In addition, the photos showed a well-stocked kitchen, despite the autopsy indicating the toddler died of malnutrition and dehydration.
Klapheke, 23, is accused of neglecting and failing to feed her daughters to the point where one of them – Tamryn – ultimately died. She was arrested in August 2012 and charged with first-degree felony injury to a child. If convicted, the jury could sentence her anywhere from five to 99 years – or life – in prison.
Klapheke's then-husband, Thomas, was deployed at the time of Tamryn's death.
The trial started back up at 9 a.m. Thursday, with the prosecution showing a 6-hour, 44-minute police interview with Klapheke.
"I didn't believe what I was seeing," Klapheke said during the interview about when she noticed Tamryn was unresponsive, the child's lips purple.
Later in the interview, Klapheke told police: "I don't want you to take them away because I was lazy," referring to her two other young daughters who survived the alleged neglect.
Meanwhile, Farmer was one of six witnesses that prosecutors called to the stand on Wednesday. Witnesses included five Abilene police officers and a now-retired Dyess Air Force Base sergeant who said the stench inside Klapheke's home was terrible when officials arrived.
“The smell, it hit you in the face like a tennis racket. It was horrible,” said Matthew Jones, a former master sergeant at Dyess Air Force Base who was the first person inside the Klapheke home after Tiffany Klapheke called 911 on Aug. 28, 2012 to report Tamryn was unresponsive.
Abilene Police Det. Ernest Moscarelli reiterated how bad the smell was in the Klapheke home and noted what appeared to be chemical burns on the child. Other witnesses included Abilene police detectives Eric Vickers and Jeff Cowan, along with officer Wallace McDaniel.
All witnesses, except Jones, will be subject to recall.
During Wednesday's opening statements, Klapheke’s defense attorney George Parnham told the six-man, six-woman jury that insanity is not an issue in the trial. He instead talked of the abuse and neglect Klapheke allegedly suffered as a child and a disorder that he said she has.
When entering a plea before opening statements, Klapheke told the jury that she pleaded "not guilty, ladies and gentlemen." Klapheke could be seen tearing up during parts of the opening statements.
In addition to saying Klapheke was abused and neglected as a child, Parnham said Klapheke suffers from “reactive attachment disorder.”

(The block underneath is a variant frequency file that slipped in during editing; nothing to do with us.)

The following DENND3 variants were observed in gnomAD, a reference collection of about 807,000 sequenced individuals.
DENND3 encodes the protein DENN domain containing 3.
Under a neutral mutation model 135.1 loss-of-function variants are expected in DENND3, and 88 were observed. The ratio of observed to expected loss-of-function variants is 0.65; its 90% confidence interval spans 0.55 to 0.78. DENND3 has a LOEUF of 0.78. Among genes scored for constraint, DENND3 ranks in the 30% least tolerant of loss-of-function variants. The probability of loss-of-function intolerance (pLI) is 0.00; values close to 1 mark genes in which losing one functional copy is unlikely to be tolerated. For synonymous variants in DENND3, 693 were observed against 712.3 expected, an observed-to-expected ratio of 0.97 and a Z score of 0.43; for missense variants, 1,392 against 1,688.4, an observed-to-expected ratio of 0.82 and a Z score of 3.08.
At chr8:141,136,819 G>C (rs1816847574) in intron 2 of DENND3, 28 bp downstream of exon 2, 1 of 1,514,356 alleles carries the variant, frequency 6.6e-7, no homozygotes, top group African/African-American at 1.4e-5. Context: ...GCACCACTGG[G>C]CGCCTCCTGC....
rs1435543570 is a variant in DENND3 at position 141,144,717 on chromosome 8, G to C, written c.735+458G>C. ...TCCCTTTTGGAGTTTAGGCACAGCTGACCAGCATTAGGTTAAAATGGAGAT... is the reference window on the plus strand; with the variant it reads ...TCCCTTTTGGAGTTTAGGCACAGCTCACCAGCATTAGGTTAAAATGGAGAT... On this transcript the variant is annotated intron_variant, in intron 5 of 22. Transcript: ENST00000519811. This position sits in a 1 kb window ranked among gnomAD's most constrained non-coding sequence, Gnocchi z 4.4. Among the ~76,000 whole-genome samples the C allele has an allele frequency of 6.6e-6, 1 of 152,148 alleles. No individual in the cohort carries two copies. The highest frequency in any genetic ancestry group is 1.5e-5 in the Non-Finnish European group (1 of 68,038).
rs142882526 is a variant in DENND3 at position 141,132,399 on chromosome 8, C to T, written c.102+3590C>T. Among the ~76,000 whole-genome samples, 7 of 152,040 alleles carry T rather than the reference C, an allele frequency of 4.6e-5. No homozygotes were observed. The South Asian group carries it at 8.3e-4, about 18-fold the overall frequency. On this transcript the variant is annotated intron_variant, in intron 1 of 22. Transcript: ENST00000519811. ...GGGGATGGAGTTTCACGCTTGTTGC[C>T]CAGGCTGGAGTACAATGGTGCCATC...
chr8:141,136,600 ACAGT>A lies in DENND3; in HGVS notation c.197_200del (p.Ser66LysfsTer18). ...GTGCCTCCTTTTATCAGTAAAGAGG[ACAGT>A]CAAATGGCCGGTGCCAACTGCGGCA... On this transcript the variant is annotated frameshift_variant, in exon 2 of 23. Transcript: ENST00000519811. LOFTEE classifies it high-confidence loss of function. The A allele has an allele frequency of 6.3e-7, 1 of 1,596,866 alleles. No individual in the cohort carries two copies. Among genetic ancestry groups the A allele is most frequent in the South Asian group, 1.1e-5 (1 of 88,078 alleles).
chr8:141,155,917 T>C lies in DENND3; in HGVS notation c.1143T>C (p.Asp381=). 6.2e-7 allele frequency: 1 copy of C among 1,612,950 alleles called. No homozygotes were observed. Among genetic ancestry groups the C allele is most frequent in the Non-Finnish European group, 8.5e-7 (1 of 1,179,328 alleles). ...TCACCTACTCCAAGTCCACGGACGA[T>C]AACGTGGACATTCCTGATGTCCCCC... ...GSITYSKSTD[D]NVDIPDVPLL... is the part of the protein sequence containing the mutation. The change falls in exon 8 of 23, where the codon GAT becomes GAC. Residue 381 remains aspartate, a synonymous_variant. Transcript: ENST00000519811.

According to the Mayo Clinic, reactive attachment disorder occurs when individuals don’t establish healthy bonds with parents or caregivers. It is the result of neglect, abuse or being orphaned. It develops when a child’s basic needs for comfort, affection and nurturing aren't met and loving, caring attachments with others aren’t ever established, the Mayo Clinic said.
Also during opening statements, prosecutors said Tamryn was left locked in a room for about four days before Klapheke found her unresponsive and tried to revive her with cold water.
The prosecution detailed the events leading up to Tamryn Klapheke’s death:
*- During July and August 2012, Tiffany Klapheke was often gone from midnight to about 4 a.m. while former Dyess Air Force Base airman Christopher Perez was living there.
*- On Aug. 22, 2012 she called a man named Lenny Guzman to babysit so she could get a tattoo. It’s a Chinese symbol of the mother and daughter with the birthdates of the children.
*- Aug. 24, 2012 -- four days before Tamryn's death -- was the last time Tamryn’s diaper was changed. Tamryn was locked in her room until her death.
*- On Aug. 27, 2012, Tiffany Klapheke went to Walmart at night and bought the girls some new outfits
*- On Aug. 28, 2012, Tiffany Klapheke wanted to bathe the oldest girls (including Tamryn) and realized Tamryn was unresponsive. She tried to revive her with cold water, and when that didn’t work, she called 911.
*- A Child Protective Services caseworker failed to close a 2011 case involving the Klaphekes in the computer system – and that’s why it was closed incorrectly in 2012.
“I anticipate there will be some blame thrown at CPS,” prosecutor Arimy Beasley said, adding “You will not hear that the defendant is insane. You will not hear that she’s incompetent.”
Meanwhile, the defense said the case isn’t about an insanity plea but that they plan to concentrate on Klapheke’s childhood and what’s made her who she is.
“Insanity is not an issue here,” Parnham said. “We are all born into this world without a choice of the circumstances in which we are born.”